As the five-member panel would find, university administrators knew at the time both statements were untrue.
At the same time, the Post-Gazette had learned Ms. Bresch's transcript was missing 22 credits, or nearly half the 48 required, indicating that if there had been a mix-up, it was a massive one.
While Ms. Neil insisted that the business school had located records to verify the degree, behind the scenes, officials could find no such records and were piecing together a plan.
In a hasty decision reflecting "failures of process and failures of leadership," administrators added courses to Ms. Bresch's transcript that she neither took nor paid for, awarding her grades "simply pulled from thin air," investigators found.
Meanwhile, Ms. Bresch insisted to the newspaper that she had finished her degree in 1998. She declined to release a transcript or other documentation, saying her word and the university's word "were better than a transcript." She has declined to speak with the Post-Gazette since that time.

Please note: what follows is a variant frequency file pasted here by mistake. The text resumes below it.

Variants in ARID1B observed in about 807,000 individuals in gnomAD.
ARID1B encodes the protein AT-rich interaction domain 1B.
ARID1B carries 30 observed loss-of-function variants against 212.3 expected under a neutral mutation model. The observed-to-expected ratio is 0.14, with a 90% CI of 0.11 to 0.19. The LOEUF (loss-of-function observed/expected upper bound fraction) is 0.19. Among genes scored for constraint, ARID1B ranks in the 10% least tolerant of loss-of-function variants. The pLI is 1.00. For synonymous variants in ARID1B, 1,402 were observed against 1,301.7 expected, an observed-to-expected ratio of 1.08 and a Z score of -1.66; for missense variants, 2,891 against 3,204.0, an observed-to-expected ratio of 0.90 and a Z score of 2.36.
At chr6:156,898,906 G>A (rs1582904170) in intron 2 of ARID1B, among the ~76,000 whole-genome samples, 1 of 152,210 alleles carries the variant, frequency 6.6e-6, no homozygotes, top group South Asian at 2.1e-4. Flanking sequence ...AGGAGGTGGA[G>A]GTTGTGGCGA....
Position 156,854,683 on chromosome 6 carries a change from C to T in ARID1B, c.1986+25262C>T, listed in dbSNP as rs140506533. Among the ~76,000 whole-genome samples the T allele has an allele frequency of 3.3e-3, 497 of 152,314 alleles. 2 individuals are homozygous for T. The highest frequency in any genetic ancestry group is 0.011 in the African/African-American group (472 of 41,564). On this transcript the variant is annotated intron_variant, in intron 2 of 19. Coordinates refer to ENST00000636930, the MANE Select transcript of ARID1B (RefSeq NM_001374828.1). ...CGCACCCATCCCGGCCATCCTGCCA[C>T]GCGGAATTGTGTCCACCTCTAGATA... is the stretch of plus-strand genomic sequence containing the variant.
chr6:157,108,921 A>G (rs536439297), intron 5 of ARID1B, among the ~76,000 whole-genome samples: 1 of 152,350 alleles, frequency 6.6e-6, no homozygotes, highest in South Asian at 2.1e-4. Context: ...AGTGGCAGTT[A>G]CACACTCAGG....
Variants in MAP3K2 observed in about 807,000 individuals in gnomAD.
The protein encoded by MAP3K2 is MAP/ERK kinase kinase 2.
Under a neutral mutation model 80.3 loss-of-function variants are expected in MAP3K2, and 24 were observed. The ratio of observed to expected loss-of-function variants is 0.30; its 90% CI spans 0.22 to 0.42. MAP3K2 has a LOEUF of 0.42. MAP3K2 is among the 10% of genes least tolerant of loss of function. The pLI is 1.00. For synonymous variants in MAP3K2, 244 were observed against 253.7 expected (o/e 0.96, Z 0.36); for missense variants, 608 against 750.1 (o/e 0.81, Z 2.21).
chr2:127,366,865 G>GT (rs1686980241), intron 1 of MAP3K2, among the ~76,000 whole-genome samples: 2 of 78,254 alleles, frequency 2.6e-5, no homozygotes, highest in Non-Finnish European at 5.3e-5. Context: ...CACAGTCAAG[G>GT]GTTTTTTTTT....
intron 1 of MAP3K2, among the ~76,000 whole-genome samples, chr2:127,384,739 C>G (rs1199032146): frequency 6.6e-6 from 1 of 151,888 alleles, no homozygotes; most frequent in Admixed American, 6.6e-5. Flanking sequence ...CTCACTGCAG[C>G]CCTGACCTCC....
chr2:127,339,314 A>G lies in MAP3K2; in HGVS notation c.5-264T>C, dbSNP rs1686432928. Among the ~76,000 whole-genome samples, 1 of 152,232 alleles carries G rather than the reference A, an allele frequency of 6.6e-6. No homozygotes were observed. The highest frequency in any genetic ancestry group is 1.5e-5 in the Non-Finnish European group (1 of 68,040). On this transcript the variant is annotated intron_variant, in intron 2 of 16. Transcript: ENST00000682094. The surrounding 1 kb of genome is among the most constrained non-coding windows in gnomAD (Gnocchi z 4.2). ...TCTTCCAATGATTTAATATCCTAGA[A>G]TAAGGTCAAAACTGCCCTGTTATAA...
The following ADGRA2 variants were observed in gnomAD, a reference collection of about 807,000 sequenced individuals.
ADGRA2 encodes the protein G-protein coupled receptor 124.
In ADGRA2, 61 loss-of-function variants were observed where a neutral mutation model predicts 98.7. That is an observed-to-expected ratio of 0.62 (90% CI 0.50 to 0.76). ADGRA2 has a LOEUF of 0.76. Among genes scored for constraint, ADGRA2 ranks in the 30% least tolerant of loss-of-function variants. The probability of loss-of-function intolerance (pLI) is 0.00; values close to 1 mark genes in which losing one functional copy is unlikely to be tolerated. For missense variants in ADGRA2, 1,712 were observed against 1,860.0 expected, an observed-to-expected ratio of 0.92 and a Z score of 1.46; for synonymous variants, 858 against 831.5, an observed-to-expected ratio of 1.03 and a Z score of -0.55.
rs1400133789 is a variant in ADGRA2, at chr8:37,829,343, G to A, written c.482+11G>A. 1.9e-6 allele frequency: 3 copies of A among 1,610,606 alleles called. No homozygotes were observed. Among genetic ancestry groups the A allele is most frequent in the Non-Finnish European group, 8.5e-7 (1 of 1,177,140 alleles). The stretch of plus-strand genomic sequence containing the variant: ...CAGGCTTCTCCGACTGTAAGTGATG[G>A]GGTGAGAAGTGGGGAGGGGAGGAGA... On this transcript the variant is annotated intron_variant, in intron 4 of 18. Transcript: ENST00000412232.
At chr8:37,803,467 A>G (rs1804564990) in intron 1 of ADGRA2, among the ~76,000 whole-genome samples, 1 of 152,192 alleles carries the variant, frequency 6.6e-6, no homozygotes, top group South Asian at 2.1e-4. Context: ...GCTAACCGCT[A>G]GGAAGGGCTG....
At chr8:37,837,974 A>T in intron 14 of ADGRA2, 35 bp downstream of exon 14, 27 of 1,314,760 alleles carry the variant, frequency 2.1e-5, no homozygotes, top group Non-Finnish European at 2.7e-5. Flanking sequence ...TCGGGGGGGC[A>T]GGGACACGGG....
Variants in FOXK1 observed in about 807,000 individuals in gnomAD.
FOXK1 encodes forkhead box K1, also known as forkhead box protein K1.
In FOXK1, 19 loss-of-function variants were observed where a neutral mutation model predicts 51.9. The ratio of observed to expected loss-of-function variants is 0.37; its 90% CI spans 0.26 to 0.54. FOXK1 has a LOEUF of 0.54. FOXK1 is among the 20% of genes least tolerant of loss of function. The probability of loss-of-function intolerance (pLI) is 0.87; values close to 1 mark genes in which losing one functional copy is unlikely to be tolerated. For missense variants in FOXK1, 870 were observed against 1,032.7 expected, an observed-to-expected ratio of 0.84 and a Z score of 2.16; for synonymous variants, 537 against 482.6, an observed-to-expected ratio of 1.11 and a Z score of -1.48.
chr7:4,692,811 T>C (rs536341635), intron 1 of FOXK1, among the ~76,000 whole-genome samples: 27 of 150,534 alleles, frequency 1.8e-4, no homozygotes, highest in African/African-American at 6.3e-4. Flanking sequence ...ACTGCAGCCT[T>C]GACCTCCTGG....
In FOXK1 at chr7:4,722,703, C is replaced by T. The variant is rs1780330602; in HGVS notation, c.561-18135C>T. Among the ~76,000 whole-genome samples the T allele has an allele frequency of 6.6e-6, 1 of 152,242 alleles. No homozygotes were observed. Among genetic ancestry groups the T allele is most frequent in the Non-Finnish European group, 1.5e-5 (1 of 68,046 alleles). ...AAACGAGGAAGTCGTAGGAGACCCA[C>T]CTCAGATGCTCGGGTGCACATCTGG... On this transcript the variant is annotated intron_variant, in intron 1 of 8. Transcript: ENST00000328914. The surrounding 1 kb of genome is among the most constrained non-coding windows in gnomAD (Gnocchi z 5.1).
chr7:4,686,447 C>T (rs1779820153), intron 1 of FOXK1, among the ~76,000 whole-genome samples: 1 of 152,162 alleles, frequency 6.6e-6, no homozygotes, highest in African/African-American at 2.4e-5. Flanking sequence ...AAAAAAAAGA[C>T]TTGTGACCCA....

Mylan, too, sought to quash the issue.
In an Oct. 20 letter to Post-Gazette Executive Editor David M. Shribman signed by a Mylan attorney, the Cecil generic drug maker insisted Ms. Bresch had "completed all the credits" but that the necessary paperwork documenting the degree had not been processed due to an "oversight."
The letter warned the newspaper not to publish a story "which is not based upon these facts." Mylan has since removed the reference to the degree from Ms. Bresch's biography published on the company's Web site.
In mid-December, as the Post-Gazette prepared a story questioning how the university went about granting the degree, officials at WVU stonewalled.
Mr. Garrison, Mr. Lang and Mr. Sears declined interviews. Mr. Lang issued a brief statement saying "errors" on Ms. Bresch's transcript had been "appropriately corrected."
"This is the last we will have to say regarding this matter," Ms. Neil added in a note attached to Mr. Lang's statement.
But the panel would conclude the registrar had been right: "In fact, the system did not fail in this respect. The records were accurate. Ms. Bresch had not earned an M.B.A. degree."